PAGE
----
This 'Keurig For Weed' Is Probably as Expensive an Investment as an Actual Keurig

Source: Getty Images
Source: Getty Images

Looking to burn green while you burn green?

Massachusetts' CannaKorp, Inc. is working on a new type of vaporizer which operates using "small, single-use 'pods' that are independently filled by legally authorized growers," reported the Boston Globe and Gawker. Dave Manly, the company's chair, is a former executive of Keurig Green Mountain Inc.

"Users will be able to select the strain and strength of the CannaCups at one of CannaKorp's 50 partnering dispensaries across the country, and may eventually be able to buy a subscription through the company website," reported Tech Insider last year.

But buyer beware. Much like the Keurig itself, there doesn't appear to be too much distinguishing the CannaKorp vaporizer from commonly available technology, other than serving the good stuff up in small, pre-packaged sizes from a presumably limited number of suppliers.

While it might be slightly more convenient than the process of grinding beans, changing the filter and brewing a full pot of coffee, those single-serving pods are significantly more expensivey the New York Times' estimate, Keurig coffee costs upwards of $50 a pound, significantly more than all but "the priciest coffees sold by artisanal roasters, the stuff of coffee snobs." Business Insider concluded a coffee drinker who switches from a regular coffee maker to a Keurig could see their annual coffee consumption shoot up by an astonishing $400-610 a year, not even considering the cost of a Keurig device, which can run into the hundreds.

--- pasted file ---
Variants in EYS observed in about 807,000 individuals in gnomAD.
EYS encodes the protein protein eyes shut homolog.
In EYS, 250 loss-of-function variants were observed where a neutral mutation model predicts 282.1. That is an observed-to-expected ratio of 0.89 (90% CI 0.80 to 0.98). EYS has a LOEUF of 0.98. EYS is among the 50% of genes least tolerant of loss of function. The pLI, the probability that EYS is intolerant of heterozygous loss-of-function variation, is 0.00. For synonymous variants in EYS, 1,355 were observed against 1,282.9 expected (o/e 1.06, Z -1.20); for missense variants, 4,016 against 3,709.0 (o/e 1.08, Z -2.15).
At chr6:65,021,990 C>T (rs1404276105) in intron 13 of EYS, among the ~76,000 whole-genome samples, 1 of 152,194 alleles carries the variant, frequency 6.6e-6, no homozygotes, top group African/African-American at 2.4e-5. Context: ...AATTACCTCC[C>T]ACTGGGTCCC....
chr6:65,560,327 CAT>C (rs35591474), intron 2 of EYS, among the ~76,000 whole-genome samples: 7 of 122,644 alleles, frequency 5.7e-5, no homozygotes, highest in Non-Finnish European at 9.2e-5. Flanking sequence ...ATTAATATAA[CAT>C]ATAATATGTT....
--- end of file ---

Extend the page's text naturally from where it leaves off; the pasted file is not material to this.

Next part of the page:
Likewise, reported Tech Insider, the cost of a CannaKorp pod is about $9.99, "double the cost of a pre-roll joint in California." Depending on the size of the pod, loose-leaf weed from a store ranges from cheaper to much cheaper.

The device itself costs $149. A premium, portable loose-leaf weed vaporizer like the Pax 2, costs around $280 from the manufacturer, but less expensive models can run as cheap as $25-130. 

That's not even considering the opinion of the man behind the parent device, who set off this whole pod trend in the first place.

Last year, the inventor of the Keurig, John Sylvan, admitted "I don't have one. They're kind of expensive to use" in an interview with The Atlantic. Referring to the increased environmental cost of the single-serving pods, which are disposed after use, Sylvan added "I feel bad sometimes that I ever did it."

CannaKorp Inc. did not immediately respond to a request for comment on this story.

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Tom McKay

Tom is a staff writer at Mic, covering national politics, media, policing and the war on drugs. He is based in New York and can be reached at tmckay@mic.com.

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